September 19, 2014

Medina
Mostly clear
45°F

Dozens attend CVS hearing

WADSWORTH — Nearly 100 people attended a public zoning hearing that would allow CVS to build a store at the corner of Akron Road and North Lyman Street.

The Gazette received an e-mail earlier in the day saying residents would be protesting from 5:30 to 7 p.m. near City Hall, but not a single protester could be found.

At the hearing before a City Council meeting Tuesday night, representatives from Zaremba Group, the developer that filed the zoning request on behalf of CVS, and residents against the store presented their opinions on the zoning change to Council members.

The purpose of this ordinance is to rezone several properties from a residential classification to neighborhood commercial zoning, Planning Director Jeff Kaiser said.

“The issue before us is not CVS, the issue before us is zoning,” he said.

Recently, the Planning Commission recommended changing a 0.9-acre residential area at Akron Road and North Lyman Street to commercial zoning. The zoning ordinance before Council would combine the area with a 0.7-acre site already zoned for commercial use that houses a small plaza.

Kaiser said allowing for easements and other regulations, a developer currently would only be able to build a 3,000-square-foot store on the property. Should the zoning ordinance pass, a developer would be able to build a 14,000-square-foot store, he said.
CVS plans to build a 13,000-square-foot store with a drive-through pharmacy window.

“This zoning amendment is really a boundary adjustment that would make the area big enough to handle modern development,” Kaiser said.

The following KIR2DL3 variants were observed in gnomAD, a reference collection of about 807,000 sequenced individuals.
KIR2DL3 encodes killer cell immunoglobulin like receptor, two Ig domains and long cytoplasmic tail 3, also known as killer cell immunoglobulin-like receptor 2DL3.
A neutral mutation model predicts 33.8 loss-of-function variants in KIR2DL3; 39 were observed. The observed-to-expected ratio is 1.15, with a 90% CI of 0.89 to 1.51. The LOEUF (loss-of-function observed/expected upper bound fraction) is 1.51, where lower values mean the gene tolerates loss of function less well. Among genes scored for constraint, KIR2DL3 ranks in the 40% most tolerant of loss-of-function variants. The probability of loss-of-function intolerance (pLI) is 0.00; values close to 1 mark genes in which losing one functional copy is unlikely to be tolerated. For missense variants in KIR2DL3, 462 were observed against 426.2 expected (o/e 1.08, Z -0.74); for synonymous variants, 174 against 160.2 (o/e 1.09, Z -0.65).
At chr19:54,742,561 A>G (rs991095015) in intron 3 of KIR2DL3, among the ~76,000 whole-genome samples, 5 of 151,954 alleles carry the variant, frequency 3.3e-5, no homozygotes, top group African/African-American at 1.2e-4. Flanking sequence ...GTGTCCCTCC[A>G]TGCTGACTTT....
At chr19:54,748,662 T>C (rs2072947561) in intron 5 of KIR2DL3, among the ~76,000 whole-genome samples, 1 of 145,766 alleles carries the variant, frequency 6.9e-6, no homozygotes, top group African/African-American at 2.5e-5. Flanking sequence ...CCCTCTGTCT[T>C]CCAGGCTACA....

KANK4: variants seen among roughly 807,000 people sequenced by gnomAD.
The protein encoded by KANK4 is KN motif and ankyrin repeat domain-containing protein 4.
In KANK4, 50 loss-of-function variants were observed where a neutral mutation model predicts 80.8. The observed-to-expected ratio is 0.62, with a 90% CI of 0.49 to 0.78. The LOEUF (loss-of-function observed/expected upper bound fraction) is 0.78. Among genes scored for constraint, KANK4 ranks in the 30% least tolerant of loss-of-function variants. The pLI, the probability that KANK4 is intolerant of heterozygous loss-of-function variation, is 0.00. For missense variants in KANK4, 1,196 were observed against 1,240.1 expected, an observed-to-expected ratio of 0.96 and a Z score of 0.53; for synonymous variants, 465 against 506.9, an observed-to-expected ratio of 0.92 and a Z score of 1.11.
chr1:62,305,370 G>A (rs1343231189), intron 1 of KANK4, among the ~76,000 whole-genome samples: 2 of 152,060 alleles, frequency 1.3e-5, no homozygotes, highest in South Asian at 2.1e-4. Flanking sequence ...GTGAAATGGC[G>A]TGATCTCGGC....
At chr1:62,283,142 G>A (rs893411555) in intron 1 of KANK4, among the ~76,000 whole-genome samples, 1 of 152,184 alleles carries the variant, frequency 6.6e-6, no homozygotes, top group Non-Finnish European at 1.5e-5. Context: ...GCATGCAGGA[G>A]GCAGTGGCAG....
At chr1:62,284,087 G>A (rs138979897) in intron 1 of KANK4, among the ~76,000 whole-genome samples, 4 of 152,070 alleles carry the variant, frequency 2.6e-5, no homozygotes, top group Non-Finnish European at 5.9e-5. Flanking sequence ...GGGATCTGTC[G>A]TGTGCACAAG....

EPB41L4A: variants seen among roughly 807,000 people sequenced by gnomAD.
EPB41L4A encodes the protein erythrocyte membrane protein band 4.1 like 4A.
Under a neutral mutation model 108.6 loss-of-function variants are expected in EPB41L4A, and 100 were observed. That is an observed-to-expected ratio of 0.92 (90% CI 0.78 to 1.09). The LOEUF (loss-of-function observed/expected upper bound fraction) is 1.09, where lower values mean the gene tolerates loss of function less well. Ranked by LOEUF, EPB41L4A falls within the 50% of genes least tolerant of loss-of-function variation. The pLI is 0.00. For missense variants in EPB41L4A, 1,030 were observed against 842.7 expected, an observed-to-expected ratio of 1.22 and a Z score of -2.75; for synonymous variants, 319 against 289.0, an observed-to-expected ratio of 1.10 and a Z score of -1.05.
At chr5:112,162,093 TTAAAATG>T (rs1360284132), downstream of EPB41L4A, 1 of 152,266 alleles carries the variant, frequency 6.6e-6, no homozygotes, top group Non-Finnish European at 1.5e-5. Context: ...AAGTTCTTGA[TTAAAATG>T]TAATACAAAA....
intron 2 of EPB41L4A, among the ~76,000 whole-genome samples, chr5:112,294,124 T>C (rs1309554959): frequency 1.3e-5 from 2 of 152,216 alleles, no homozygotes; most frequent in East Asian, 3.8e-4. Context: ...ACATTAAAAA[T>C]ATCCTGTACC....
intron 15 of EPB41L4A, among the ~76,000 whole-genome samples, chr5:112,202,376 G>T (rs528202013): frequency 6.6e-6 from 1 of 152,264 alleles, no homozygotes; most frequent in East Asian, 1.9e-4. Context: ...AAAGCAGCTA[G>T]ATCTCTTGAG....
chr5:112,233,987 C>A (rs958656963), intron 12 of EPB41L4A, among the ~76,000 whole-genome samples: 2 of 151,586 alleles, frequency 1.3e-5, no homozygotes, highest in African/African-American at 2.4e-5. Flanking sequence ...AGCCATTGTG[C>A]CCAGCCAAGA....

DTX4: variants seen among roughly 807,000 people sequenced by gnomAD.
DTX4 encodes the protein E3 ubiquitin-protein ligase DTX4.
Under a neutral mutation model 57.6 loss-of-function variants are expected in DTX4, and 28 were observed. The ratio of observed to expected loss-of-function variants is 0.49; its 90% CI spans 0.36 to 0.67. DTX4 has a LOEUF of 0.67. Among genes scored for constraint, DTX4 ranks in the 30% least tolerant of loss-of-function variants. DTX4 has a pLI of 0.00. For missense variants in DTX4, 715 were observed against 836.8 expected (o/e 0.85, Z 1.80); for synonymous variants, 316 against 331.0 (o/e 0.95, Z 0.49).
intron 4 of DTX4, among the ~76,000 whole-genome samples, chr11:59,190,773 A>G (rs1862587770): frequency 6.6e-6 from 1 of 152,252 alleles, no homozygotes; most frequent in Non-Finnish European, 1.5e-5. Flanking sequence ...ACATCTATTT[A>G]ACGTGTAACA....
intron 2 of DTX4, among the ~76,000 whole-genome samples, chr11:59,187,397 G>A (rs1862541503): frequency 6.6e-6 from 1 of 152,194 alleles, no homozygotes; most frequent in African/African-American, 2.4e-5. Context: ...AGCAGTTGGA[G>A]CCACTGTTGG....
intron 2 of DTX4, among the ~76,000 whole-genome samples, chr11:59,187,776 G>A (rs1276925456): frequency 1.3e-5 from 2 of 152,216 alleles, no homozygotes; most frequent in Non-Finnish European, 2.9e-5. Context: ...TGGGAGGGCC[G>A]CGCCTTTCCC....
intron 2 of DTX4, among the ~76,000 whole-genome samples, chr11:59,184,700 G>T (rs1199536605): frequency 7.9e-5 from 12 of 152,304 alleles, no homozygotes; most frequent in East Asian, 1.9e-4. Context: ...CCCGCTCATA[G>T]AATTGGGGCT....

However, residents said they were concerned about traffic, noise, bright lights and loss of privacy should a CVS be built at Akron Road.

An unofficial petition circulated by North Lyman Street resident Matt Salzwimmer contained 386 signatures of people protesting the CVS.

“This is the best place to live in Northeast Ohio … and you want to bring in a corporation that already exists in town,” Salzwimmer said. “We need another drug store like we need another pizza joint.”

CVS would close its store at 204 High St. and move to Akron Road if the ordinance passes.

Some residents said they were against moving the store because it would create another vacant storefront in the city.

Charles Ritley, a real estate appraiser based in Cleveland, said the new store would improve the city’s tax base because current zoning inhibits commercial growth.

“It would raise tax values because it will be a clean, up-to-date property, and add to the tax base because there is one company singularly managing the property,” he said.

However, residents like Doug Curfman, of Crestwood Avenue, who spoke at the hearing, disagreed.

“If we move the existing CVS to a new location, how does it increase the tax base?” he said.

Ritley said many of the current commercial properties on the site are nonconforming to city zoning code because they do not have a buffer between parking and the roadway.
Should a CVS be built, a landscape buffer between the store and the road and nearby residences would be built, Ritley said.

“If anything, what we have there now is a detriment,” Ritley said. “And certainly traffic in this area is not desirable.”

Kaiser said a traffic impact study would be required to build on the site. He added the construction of access driveways could actually improve traffic flow in the area.

“We have people from Cleveland down here to tell us what we want in our neighborhood. We don’t want (the store),” said Peggy Pogan, owner of Peggy’s Pooch Parlor in the existing plaza on Akron Road.

Salzwimmer said he also worries that CVS will buy the property, construct a building and then “sell it to the highest bidder,” fearing an adult or liquor store could be in his backyard.

Council President Tom Palecek said the ordinance could be voted on at Council’s Dec. 15 meeting, but there is no timetable for a vote.

Contact Lisa Hlavinka at (330) 721-4048 or lhlavinka@ohio.net.